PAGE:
DEFENDANT CRUISE LINE’S MOTION TO COMPEL ARBITRATION DENIED AS TO JONES ACT CLAIMS WHERE TURKISH SEAFARER WAS REQUIRED TO ARBITRATE IN MONACO ACCORDING TO PANAMANIAN LAW. DISTRICT COURT HELD THAT PROSPECTIVE WAIVER OF U.S. STATUTORY RIGHTS WAS VOID UNDER THOMAS V. CARNIVAL.
NURETTIN MAYAKAN, vs CARNIVAL CORPORATION, Defendant.
UNITED STATES DISTRICT COURT FOR THE MIDDLE DISTRICT OF FLORIDA, ORLANDO DIVISION
2010 U.S. Dist. LEXIS 58570
June 14, 2010, Filed
Plaintiff originally brought suit in state court in Florida. Defendant timely removed the action to this Court pursuant to 9 U.S.C. § 205, contending that Plaintiff’s claims arise out of, and are related to, one or more arbitration agreements that are subject to the United Nations Convention on the Recognition and Enforcement of Arbitral Awards. Defendant Carnival sought to compel arbitration pursuant to two seafarer’s agreements.
Plaintiff, a citizen and resident of Turkey, was a seaman who suffered severe spinal injuries while working as a headwaiter on Defendant’s cruise ships. Plaintiff filed suit alleging claims for Jones Act negligence, unseaworthiness and failure to provide maintenance and cure. Defendant filed its Motion to Dismiss and Compel Arbitration, contending that this case must be arbitrated pursuant to the New York Convention. In support of its motion, Defendant relied on two seaman’s contracts that Plaintiff executed in 2006 and 2007, respectively. If enforced, these contracts would require Plaintiff to arbitrate his claims under the substantive law of Panama in an arbitration proceeding to be held in Monaco. Plaintiff asserted that requiring arbitration of his Jones Act claims would amount to a prospective waiver of his statutory rights under U.S. law in violation of Thomas v. Carnival. In Thomas, the Eleventh Circuit held that an arbitration clause that required a seaman to arbitrate his Seaman’s Wage Act claim (but not a Jones Act claim) in the Philippines under Panamanian law was unenforceable because the choice-of-law and arbitration provisions worked in tandem to operate as a prospective waiver of the seaman’s right to pursue his statutory remedies under U.S. law. 573 F.3d at 1123-24.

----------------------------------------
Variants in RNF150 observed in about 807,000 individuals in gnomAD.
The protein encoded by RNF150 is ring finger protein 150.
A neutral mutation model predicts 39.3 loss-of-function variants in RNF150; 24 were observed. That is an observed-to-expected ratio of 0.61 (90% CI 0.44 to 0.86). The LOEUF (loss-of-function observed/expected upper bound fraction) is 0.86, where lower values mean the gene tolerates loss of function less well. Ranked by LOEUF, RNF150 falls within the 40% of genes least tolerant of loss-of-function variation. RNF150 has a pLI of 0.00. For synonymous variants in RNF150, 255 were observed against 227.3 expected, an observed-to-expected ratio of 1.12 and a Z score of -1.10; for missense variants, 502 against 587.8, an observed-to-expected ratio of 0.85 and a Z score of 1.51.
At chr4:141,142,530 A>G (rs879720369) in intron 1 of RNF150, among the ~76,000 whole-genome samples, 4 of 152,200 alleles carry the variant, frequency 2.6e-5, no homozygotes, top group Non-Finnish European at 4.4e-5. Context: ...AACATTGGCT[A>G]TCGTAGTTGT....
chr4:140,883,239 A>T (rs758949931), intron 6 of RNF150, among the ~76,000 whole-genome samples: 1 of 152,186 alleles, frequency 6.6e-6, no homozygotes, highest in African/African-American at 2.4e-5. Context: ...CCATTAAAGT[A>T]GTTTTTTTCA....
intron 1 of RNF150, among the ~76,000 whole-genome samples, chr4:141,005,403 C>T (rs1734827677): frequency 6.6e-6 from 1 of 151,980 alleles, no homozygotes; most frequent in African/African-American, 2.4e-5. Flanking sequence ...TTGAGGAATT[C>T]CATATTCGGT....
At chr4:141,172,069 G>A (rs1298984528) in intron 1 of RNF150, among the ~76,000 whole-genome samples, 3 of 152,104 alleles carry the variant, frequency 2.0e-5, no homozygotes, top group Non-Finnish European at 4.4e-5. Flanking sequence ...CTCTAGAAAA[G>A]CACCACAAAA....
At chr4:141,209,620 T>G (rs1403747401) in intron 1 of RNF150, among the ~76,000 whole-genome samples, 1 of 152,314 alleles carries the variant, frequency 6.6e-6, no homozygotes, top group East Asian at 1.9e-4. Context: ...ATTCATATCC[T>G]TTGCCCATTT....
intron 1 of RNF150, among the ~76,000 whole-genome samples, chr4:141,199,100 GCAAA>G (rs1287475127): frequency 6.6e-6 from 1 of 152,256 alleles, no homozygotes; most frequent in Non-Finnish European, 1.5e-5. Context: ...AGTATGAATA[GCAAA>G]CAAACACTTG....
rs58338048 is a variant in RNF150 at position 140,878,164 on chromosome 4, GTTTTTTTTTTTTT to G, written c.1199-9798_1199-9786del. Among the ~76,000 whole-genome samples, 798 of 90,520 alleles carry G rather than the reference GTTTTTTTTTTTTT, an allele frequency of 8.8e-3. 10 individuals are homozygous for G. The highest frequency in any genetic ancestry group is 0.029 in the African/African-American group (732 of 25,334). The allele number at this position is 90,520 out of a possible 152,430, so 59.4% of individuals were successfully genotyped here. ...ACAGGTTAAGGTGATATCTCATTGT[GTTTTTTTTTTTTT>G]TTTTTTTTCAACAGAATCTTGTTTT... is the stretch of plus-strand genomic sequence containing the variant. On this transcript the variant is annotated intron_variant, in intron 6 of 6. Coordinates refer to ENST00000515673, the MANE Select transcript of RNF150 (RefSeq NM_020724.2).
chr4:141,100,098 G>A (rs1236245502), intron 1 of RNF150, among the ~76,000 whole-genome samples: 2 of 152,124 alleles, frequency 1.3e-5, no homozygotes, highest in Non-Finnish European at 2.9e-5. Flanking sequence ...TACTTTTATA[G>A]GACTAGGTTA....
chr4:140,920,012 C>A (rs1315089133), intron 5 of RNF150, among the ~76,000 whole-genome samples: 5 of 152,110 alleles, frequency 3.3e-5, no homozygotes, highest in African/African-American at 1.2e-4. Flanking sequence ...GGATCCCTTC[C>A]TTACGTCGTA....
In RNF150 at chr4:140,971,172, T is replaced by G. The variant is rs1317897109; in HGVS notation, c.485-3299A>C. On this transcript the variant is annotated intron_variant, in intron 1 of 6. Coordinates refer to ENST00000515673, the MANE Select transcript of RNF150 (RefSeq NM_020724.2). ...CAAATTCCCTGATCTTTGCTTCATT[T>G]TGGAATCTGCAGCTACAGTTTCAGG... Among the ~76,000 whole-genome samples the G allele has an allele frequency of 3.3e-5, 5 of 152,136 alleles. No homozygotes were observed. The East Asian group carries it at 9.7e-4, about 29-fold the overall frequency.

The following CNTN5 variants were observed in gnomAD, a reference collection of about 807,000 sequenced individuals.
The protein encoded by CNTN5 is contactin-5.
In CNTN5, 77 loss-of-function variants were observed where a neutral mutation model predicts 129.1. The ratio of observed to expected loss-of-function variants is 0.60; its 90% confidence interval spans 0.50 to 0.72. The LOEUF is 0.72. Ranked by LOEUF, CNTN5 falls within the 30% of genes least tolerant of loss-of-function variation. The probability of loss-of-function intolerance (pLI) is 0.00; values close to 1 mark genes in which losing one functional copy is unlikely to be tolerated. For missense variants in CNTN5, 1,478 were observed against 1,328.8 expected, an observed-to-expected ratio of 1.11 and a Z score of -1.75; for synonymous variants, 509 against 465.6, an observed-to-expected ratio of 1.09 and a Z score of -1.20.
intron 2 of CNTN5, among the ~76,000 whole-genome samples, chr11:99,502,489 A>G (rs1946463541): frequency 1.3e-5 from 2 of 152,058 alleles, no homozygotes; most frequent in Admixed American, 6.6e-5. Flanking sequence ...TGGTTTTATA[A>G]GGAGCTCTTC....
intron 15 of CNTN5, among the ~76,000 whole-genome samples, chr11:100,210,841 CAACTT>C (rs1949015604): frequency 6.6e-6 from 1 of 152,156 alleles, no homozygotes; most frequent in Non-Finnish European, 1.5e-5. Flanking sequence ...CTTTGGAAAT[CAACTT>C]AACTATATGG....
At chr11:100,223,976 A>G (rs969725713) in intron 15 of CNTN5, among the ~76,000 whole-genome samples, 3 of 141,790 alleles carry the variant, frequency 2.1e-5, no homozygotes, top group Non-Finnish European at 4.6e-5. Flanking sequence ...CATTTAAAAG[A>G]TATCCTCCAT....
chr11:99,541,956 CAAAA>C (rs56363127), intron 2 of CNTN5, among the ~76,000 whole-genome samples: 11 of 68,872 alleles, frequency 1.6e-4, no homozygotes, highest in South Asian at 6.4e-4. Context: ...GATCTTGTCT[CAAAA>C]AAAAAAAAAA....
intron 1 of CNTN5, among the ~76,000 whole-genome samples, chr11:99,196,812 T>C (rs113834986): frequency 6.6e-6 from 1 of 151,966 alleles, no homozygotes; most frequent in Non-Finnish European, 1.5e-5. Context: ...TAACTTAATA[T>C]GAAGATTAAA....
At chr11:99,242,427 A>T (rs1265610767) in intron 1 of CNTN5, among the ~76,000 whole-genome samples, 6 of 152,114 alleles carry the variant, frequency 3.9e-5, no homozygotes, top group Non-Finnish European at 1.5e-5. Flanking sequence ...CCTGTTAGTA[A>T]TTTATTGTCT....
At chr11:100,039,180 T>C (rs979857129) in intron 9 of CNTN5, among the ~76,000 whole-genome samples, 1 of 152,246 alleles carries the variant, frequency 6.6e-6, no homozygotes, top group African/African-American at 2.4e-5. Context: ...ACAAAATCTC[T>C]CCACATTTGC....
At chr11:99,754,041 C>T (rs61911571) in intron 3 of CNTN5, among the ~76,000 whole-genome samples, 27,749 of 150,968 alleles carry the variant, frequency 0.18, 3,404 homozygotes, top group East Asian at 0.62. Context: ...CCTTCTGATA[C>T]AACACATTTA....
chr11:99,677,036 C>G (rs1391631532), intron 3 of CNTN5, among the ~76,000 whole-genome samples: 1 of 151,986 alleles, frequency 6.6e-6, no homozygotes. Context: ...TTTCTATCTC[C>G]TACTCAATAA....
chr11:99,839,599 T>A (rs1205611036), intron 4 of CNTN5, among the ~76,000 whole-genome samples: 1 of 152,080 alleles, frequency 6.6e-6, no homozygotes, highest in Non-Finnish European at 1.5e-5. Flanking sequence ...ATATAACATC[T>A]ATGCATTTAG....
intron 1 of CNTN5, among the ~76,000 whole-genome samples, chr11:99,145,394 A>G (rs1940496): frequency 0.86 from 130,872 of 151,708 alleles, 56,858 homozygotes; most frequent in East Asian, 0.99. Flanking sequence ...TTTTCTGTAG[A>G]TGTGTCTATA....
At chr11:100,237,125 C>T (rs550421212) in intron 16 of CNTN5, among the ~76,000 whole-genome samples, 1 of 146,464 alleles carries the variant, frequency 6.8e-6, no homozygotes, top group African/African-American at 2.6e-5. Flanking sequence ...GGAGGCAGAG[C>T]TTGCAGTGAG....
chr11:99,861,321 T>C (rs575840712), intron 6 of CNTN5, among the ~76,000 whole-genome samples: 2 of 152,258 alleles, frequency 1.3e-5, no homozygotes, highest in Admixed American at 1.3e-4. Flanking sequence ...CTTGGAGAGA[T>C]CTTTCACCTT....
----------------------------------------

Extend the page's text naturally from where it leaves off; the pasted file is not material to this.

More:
The District Court denied Carnival’s Motion to Compel Arbitration finding that Thomas generally precludes arbitration of Jones Act claims.